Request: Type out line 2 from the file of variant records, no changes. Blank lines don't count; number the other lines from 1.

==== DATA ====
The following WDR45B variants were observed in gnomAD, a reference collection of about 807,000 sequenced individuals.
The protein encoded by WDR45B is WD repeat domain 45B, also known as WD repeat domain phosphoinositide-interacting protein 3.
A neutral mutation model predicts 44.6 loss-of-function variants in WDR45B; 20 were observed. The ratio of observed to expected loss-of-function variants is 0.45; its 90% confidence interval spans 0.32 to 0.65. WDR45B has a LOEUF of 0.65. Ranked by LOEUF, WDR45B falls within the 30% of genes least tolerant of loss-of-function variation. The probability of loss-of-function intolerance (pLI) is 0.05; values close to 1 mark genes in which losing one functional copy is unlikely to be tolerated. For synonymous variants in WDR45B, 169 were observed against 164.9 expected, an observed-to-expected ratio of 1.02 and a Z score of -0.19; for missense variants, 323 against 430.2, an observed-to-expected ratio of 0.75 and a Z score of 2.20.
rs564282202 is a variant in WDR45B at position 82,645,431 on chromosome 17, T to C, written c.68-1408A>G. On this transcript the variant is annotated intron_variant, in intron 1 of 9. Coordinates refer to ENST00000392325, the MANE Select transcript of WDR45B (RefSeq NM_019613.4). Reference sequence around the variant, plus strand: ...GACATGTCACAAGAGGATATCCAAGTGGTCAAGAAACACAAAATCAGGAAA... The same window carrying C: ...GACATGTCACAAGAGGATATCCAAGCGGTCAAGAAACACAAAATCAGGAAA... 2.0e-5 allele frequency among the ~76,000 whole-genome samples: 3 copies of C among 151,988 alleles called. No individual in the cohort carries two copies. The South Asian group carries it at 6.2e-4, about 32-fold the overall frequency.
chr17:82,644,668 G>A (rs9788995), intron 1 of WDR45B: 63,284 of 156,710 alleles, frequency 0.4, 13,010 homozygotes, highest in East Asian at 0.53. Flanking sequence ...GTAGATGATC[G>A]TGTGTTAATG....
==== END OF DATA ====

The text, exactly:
The protein encoded by WDR45B is WD repeat domain 45B, also known as WD repeat domain phosphoinositide-interacting protein 3.